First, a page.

“Good.” I shrugged my bag back up to my shoulder and slammed the door, leaving Mike in the hall with wide eyes and his mouth hanging open.

The buzz in the room died when I walked in. All eyes turned and followed me while I slid past people and desks on my way to the back of the room. The seat in the farthest of the room remained open, my chosen spot. No one expected me to participate in class, not even the teachers. I wasn’t just the shunned kid. I was the problem kid with an attitude. It worked well for me. People left me alone, and since I seemed to fight with anyone I knew, the fewer the better.

I knew the talk of the class was my fight the day before. A trip to the office and visit with the principal, threat of expulsion, and call to my psychiatrist would complete the routine. Even though Dr. Greenberg and I met after leaving the station I was eager to get back to her office.

As expected, two-thirds of the way through first period an office aide interrupted class with a note for me. The yellow piece of paper burned my hand as I walked the halls. My boots thumped on the floor, echoing through the emptiness. I wasn’t sure how the meeting would go this time.

Last week Mr. Scott, the principal, gave me a rundown of the school rules and reminded me that another fight would result in expulsion. Then he tried to get me to open up about my home, and how I really felt about moving from Florida to Texas. He said he knew how I felt, and thought it would be good for me to open up. Blah, blah, blah. When I told him about Dr. Greenberg, Mr. Scott rested his chin on top of his clasped hands and remained silent.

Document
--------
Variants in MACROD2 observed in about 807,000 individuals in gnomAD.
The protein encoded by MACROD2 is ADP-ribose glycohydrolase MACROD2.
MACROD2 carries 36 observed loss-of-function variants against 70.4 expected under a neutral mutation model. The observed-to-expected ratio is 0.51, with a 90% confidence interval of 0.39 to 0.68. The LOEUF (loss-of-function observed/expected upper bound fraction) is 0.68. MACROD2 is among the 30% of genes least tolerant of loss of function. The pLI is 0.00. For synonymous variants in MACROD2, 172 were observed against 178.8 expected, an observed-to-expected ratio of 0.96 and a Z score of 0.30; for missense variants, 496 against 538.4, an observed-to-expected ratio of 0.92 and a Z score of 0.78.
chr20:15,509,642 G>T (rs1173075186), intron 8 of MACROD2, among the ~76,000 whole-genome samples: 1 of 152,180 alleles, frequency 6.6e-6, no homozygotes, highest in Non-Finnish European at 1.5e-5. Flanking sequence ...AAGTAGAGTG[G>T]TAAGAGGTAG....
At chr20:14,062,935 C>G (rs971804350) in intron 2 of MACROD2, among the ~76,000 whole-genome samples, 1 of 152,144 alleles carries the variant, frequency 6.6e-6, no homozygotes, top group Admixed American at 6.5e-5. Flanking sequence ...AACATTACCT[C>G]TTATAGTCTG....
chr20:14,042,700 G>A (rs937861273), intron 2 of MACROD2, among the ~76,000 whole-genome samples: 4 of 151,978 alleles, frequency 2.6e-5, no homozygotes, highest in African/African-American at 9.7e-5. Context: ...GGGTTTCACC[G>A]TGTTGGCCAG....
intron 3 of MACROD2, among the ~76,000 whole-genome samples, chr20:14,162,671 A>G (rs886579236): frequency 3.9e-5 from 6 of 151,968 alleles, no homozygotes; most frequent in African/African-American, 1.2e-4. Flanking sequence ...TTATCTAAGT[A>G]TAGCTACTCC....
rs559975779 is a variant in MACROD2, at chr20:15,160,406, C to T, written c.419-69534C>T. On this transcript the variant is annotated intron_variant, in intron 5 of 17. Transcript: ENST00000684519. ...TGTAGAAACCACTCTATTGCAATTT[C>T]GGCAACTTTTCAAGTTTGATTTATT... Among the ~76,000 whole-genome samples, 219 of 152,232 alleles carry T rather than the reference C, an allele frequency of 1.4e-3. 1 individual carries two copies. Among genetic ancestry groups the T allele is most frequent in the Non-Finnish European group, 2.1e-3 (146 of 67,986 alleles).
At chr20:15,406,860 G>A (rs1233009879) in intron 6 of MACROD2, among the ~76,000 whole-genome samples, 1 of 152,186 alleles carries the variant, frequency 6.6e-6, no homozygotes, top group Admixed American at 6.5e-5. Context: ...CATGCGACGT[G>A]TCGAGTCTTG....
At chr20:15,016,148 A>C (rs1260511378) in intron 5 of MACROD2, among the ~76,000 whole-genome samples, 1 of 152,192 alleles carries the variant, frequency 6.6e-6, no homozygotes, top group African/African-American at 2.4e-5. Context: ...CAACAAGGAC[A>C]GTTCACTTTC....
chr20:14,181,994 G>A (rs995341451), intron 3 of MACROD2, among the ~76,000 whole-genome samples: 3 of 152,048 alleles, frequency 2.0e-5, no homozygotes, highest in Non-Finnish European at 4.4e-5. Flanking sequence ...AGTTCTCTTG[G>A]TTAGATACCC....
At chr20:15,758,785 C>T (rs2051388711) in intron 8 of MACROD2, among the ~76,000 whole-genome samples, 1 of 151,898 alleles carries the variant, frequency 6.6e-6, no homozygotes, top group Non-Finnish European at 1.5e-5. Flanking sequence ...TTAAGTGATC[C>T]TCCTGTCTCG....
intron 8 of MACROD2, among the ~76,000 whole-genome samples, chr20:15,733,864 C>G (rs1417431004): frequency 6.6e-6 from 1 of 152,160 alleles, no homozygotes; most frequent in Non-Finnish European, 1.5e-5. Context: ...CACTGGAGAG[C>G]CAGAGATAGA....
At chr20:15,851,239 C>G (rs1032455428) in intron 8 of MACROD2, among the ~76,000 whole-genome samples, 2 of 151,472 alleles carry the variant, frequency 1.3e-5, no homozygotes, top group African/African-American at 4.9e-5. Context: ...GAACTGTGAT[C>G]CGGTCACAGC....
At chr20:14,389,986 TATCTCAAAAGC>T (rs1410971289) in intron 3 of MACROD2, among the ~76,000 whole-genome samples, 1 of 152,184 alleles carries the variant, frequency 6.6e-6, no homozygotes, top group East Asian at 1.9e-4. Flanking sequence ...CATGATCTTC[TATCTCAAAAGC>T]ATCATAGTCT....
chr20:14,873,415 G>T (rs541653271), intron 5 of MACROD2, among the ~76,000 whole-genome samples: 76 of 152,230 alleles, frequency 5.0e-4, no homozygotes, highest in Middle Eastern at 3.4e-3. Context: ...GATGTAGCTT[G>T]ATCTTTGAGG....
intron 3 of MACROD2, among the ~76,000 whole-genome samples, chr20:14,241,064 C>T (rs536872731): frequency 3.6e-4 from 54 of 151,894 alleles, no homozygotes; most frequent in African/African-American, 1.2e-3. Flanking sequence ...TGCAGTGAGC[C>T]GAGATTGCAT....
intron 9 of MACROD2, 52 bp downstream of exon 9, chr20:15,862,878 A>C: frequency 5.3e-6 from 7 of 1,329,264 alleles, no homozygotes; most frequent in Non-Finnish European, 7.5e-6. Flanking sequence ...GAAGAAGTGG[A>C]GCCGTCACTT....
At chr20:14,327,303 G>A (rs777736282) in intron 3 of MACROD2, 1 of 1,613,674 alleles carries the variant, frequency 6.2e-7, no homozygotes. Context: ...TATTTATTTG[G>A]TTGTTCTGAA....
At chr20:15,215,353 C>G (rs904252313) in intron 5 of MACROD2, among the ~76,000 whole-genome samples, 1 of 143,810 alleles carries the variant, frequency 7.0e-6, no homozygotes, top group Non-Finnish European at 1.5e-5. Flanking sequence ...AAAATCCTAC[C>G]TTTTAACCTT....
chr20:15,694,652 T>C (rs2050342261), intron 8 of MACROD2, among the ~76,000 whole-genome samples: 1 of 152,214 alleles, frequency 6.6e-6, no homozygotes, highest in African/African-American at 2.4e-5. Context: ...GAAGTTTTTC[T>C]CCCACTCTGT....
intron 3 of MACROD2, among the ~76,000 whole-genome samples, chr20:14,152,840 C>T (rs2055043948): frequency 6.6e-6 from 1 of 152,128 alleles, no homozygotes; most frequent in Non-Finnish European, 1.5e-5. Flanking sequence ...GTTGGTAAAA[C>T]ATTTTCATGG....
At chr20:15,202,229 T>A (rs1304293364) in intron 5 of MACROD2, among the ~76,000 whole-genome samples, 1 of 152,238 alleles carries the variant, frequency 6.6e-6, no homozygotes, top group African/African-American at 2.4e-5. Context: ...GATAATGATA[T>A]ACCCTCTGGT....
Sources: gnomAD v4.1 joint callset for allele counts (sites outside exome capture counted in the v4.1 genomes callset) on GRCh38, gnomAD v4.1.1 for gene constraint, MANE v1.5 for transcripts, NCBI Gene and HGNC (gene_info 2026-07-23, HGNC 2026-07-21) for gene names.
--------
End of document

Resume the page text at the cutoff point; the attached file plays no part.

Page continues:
I stood in front of his door and tapped on the frosted glass.

“Come in Mr. Pierce.”

“That’s not my name damn it,” I muttered.

I clenched my fists and took a deep breath. I had to figure out some way to quit losing it when people called me Pierce. The day before I’d put Stacey in danger because of her slip, and she was one of the most careful people I knew. If only Dr. Greenberg knew what was wrong with me.

The door swung open at the same time I wrapped my fingers around the doorknob. Mr. Scott stood inches from me with his glasses pushed to the tip of his nose. He peered over the rims. “Are you going to stand out here all day, or come in and have a chat with me?”

Mr. Scott was in the National Guard. On the first day of school he spent most of the introduction speech telling me about his days in Iraq with Operation Desert Storm. He was a young principal, but already set in his ways. The dominance he tried to pull annoyed me more than angered me.

“Here’s the deal. I’m supposed to expel you, but I’m not convinced you have full control over your outbursts. That being said, we still have a no fighting policy and you must take responsibility for your actions.”